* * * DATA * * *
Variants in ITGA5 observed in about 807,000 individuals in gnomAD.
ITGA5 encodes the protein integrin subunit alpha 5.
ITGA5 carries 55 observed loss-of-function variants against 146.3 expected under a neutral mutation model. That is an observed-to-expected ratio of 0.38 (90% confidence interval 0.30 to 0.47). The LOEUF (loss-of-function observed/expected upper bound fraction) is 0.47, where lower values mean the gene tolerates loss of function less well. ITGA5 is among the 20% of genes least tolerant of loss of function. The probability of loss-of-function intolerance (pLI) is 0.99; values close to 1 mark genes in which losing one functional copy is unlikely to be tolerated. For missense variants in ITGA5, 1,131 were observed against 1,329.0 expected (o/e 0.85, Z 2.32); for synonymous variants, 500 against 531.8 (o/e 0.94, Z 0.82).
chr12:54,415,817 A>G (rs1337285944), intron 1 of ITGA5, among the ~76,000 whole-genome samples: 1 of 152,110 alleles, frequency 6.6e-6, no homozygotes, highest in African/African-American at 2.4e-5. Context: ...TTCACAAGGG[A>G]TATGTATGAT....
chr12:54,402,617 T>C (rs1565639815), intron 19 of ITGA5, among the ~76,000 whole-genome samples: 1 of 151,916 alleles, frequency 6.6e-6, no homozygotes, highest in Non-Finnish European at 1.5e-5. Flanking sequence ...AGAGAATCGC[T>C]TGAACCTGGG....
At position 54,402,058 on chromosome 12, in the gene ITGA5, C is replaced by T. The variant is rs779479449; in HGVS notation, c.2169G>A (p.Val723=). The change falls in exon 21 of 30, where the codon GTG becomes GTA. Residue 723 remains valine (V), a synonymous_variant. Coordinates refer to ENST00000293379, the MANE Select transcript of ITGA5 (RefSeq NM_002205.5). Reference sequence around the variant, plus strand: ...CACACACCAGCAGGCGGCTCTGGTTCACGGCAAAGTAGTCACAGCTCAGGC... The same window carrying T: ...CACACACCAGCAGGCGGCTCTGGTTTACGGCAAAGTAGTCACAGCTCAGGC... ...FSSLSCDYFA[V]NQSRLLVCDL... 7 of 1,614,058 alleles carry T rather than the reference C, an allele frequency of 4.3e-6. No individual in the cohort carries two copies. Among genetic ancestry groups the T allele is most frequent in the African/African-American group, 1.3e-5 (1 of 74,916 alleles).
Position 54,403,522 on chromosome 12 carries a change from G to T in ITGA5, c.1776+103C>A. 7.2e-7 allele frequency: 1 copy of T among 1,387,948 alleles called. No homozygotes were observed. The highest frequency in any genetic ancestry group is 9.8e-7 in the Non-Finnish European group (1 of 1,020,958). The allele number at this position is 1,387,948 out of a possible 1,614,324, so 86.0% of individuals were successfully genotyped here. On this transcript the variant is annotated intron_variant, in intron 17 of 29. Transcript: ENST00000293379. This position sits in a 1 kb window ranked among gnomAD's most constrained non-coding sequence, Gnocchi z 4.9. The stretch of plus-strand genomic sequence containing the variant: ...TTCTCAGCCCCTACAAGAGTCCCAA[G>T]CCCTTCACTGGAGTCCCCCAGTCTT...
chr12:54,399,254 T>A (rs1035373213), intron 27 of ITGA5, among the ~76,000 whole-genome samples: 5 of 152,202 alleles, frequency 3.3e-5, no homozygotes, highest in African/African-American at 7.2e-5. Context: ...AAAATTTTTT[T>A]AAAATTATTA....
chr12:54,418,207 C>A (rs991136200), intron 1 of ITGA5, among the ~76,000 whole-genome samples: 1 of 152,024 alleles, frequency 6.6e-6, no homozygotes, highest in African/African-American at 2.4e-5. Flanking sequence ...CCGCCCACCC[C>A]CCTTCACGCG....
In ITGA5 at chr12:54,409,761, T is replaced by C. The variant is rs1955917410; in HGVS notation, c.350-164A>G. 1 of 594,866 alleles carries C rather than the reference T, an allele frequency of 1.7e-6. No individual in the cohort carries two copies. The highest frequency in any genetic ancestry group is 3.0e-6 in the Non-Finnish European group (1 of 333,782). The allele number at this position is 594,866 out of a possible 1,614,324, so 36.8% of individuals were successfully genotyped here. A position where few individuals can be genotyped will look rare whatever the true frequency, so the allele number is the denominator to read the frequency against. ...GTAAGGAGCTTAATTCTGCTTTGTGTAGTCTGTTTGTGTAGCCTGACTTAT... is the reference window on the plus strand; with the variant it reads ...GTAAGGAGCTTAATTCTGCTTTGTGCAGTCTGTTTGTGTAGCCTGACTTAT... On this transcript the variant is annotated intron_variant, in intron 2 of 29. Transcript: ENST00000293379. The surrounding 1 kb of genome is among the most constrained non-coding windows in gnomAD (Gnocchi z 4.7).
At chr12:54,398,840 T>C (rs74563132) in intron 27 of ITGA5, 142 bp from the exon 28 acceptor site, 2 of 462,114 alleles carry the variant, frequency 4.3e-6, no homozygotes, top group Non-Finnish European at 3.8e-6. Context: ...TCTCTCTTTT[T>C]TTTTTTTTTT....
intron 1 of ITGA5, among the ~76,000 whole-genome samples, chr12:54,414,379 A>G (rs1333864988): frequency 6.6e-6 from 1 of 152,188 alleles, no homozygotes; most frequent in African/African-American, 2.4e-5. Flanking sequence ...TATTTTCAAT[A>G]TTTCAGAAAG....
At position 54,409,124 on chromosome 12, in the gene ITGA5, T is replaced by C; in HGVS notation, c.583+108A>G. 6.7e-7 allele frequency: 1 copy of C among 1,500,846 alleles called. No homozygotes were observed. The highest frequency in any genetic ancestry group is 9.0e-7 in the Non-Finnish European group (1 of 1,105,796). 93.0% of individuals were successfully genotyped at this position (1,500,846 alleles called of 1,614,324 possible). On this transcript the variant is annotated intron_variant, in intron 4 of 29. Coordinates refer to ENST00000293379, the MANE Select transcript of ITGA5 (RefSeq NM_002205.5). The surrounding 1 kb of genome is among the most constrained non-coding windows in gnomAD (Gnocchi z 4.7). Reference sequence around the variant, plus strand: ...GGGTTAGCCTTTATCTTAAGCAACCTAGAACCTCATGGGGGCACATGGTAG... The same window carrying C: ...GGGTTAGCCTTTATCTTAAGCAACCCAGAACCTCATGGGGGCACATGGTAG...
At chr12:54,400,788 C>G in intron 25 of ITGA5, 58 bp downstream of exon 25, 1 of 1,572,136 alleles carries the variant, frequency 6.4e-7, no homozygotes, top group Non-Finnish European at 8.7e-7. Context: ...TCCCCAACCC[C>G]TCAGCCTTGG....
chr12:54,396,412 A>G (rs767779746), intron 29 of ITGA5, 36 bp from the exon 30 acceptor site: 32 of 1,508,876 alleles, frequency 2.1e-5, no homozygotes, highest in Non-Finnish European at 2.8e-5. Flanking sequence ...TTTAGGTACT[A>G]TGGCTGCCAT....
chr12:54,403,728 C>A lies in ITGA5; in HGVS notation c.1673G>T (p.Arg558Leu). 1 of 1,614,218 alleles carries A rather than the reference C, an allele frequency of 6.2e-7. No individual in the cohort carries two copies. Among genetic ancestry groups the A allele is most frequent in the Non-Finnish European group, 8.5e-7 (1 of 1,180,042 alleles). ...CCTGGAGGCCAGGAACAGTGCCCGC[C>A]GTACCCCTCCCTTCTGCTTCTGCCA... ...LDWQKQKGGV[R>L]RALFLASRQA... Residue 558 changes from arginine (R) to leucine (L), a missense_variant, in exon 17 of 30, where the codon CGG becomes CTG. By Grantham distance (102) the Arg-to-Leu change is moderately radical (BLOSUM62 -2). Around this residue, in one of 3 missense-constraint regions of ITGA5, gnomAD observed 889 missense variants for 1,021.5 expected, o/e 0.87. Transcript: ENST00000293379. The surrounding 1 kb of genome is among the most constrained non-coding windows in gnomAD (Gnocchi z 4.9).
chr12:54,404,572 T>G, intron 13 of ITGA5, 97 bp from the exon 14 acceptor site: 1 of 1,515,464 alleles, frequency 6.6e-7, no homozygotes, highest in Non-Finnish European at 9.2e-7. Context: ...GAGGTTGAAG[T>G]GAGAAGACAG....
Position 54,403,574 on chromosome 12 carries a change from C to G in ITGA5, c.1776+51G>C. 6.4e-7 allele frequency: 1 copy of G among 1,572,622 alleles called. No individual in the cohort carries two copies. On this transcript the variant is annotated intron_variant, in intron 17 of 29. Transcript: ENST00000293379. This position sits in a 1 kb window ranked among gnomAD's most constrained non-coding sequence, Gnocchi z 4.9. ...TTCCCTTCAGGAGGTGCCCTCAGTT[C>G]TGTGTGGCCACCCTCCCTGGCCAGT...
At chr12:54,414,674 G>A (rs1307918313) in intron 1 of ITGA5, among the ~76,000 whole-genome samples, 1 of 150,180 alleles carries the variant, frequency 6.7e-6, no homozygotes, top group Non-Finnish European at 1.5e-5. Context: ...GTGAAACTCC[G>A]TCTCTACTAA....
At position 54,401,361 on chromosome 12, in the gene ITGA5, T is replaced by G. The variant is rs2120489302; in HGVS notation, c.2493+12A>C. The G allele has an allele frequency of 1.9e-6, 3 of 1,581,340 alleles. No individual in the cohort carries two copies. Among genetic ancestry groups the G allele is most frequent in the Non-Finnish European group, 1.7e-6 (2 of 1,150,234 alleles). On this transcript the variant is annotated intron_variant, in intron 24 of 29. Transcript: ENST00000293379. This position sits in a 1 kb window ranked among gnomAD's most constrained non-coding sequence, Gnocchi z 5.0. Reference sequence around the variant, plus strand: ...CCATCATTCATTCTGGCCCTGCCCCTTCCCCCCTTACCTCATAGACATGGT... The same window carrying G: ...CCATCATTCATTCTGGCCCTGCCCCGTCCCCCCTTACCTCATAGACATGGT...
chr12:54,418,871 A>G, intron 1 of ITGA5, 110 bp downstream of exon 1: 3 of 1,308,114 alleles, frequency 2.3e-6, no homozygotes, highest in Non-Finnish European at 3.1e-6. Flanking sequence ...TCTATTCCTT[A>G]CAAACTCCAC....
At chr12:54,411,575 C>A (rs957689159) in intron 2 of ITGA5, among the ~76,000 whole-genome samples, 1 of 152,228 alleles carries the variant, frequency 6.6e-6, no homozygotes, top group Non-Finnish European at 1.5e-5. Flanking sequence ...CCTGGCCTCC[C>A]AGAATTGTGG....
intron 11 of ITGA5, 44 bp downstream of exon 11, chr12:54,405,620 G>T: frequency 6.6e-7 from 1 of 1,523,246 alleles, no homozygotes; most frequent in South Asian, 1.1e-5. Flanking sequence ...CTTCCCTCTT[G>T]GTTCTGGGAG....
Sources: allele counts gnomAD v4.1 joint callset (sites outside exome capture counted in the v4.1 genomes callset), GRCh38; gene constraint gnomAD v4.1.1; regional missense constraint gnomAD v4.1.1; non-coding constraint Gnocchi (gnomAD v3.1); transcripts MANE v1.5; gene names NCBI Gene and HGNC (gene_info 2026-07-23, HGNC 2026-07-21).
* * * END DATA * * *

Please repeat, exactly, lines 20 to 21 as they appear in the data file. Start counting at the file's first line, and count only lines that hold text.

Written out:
At position 54,401,361 on chromosome 12, in the gene ITGA5, T is replaced by G. The variant is rs2120489302; in HGVS notation, c.2493+12A>C. The G allele has an allele frequency of 1.9e-6, 3 of 1,581,340 alleles. No individual in the cohort carries two copies. Among genetic ancestry groups the G allele is most frequent in the Non-Finnish European group, 1.7e-6 (2 of 1,150,234 alleles). On this transcript the variant is annotated intron_variant, in intron 24 of 29. Transcript: ENST00000293379. This position sits in a 1 kb window ranked among gnomAD's most constrained non-coding sequence, Gnocchi z 5.0. Reference sequence around the variant, plus strand: ...CCATCATTCATTCTGGCCCTGCCCCTTCCCCCCTTACCTCATAGACATGGT... The same window carrying G: ...CCATCATTCATTCTGGCCCTGCCCCGTCCCCCCTTACCTCATAGACATGGT...
chr12:54,418,871 A>G, intron 1 of ITGA5, 110 bp downstream of exon 1: 3 of 1,308,114 alleles, frequency 2.3e-6, no homozygotes, highest in Non-Finnish European at 3.1e-6. Flanking sequence ...TCTATTCCTT[A>G]CAAACTCCAC....